Ryerson students part of the collaborative nursing program are expected to be back in class on Tuesday, after the provincial government passed a back-to-work bill Sunday, putting an end to the five-week-long college faculty strike.
Union representatives told us that it wasn't really about more money, but I don't think anyone will refuse the seven per cent wage increase that the colleges offered.
Simply put, there were no winners here.
The New Democrats have blocked swift passage of the bill since Thursday and Advanced Education Minister Deb Matthews said the NDP was unnecessarily delaying students' return to the classroom.
The first year Entrepreneurial Business student at Georgian College is trying to recover from a five-week strike by faculty that was ended by back-to-work legislation.
Ontario Premier Kathleen Wynne had met both the Ontario Public Service Employees Union (OPSEU), which represents the teachers, and the regulating body College Employer Council (CEC) on Thursday after union members overwhelmingly voted against contract offers.
The fall semester will run until December 22 for Seneca students, with the holiday break beginning December 23 with no classes, tests, exams or assignments due from 6 p.m. December 22 to 7 a.m. on January 2.
George Brown's winter semester will finish on January 19th in order to accommodate the missed time. The House reconvened on Friday at 3:00 p.m.to work for unanimous support for their back-to-work legislation.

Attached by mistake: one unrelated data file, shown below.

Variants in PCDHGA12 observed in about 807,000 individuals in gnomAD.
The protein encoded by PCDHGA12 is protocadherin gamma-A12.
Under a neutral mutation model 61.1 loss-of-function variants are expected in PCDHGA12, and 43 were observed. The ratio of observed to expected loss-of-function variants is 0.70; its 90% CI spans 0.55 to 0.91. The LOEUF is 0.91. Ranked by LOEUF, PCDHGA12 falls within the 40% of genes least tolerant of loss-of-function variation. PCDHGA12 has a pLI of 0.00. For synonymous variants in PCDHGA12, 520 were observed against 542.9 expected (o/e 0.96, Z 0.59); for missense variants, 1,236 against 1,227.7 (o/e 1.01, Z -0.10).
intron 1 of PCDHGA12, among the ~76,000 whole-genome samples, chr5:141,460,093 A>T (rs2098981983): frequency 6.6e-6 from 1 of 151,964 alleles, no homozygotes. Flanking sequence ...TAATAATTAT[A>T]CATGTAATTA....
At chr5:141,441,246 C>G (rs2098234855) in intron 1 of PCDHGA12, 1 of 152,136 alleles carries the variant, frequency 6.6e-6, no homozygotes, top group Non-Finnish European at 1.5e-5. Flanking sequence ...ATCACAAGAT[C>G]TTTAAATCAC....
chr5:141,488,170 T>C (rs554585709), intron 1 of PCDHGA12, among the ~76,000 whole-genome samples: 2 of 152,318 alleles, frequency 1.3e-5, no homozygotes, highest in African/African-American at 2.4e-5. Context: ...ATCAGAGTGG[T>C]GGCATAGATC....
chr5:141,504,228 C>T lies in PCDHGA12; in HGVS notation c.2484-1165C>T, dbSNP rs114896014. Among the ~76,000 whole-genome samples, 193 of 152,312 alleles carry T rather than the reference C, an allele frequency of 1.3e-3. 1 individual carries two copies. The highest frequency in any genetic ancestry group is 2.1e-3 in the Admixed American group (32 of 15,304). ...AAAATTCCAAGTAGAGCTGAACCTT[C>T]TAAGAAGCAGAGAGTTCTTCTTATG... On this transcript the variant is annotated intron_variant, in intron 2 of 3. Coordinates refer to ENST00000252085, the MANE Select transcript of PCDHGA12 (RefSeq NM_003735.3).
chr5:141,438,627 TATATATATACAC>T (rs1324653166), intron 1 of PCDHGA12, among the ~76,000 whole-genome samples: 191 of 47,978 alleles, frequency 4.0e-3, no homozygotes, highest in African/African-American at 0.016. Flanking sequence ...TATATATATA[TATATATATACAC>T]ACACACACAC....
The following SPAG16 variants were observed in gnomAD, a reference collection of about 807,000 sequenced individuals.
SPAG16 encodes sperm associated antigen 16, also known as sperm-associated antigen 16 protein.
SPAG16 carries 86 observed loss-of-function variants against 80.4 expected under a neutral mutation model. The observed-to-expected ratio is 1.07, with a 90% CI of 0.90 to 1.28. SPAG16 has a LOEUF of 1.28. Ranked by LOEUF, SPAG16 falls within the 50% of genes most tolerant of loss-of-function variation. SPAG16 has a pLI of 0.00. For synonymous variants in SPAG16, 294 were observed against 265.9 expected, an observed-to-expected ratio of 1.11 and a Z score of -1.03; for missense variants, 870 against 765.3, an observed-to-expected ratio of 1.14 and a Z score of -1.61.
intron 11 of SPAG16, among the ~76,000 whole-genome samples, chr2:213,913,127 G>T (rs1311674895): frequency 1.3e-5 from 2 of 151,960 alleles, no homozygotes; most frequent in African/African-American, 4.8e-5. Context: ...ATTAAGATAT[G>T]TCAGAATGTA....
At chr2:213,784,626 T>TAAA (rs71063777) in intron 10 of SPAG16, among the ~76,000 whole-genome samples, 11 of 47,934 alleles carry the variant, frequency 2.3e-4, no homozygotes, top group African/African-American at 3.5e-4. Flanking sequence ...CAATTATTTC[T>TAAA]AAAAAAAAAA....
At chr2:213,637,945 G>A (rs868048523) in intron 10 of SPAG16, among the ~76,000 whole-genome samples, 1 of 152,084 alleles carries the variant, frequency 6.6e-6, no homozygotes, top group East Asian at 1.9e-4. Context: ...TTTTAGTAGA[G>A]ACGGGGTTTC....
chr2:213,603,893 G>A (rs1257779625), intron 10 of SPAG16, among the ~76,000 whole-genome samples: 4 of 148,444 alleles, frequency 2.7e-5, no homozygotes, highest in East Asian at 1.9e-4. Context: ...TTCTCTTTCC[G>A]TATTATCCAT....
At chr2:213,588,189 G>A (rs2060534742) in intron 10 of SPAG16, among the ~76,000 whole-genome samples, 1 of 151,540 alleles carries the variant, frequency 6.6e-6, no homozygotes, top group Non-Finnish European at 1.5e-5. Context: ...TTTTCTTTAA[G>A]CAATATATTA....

For Confederation College students, classes will resume on Tuesday. "We have a small Christmas break, no reading week, and then next semester right after this semester".
Students now receiving OSAP who have their winter semesters extended past the normal end date will also receive additional OSAP aid. In their final years, students pay tuition to Ryerson but still have professors from their original colleges, for some of their classes.
Monday, the province announced full-time and global students affected by the strike can apply for a reimbursement of up to $500 for unexpected costs, like child care fees, rebooked train or bus tickets or rent.
"The fact that there are students out there who want the semester cancelled due to the labour action shows how frustrated they are with the situation", Willet explained.
Being in limbo for five-weeks took a toll. "Faculty often works two or three jobs to make ends meet, and students lose out on the help, support and mentorship their education should come with".
"There's also people who had trips they've already paid for. It's cost them thousands of dollars".
"It's going to be a very busy rest of the semester for students", said Joel Willett, president of the College Student Alliance.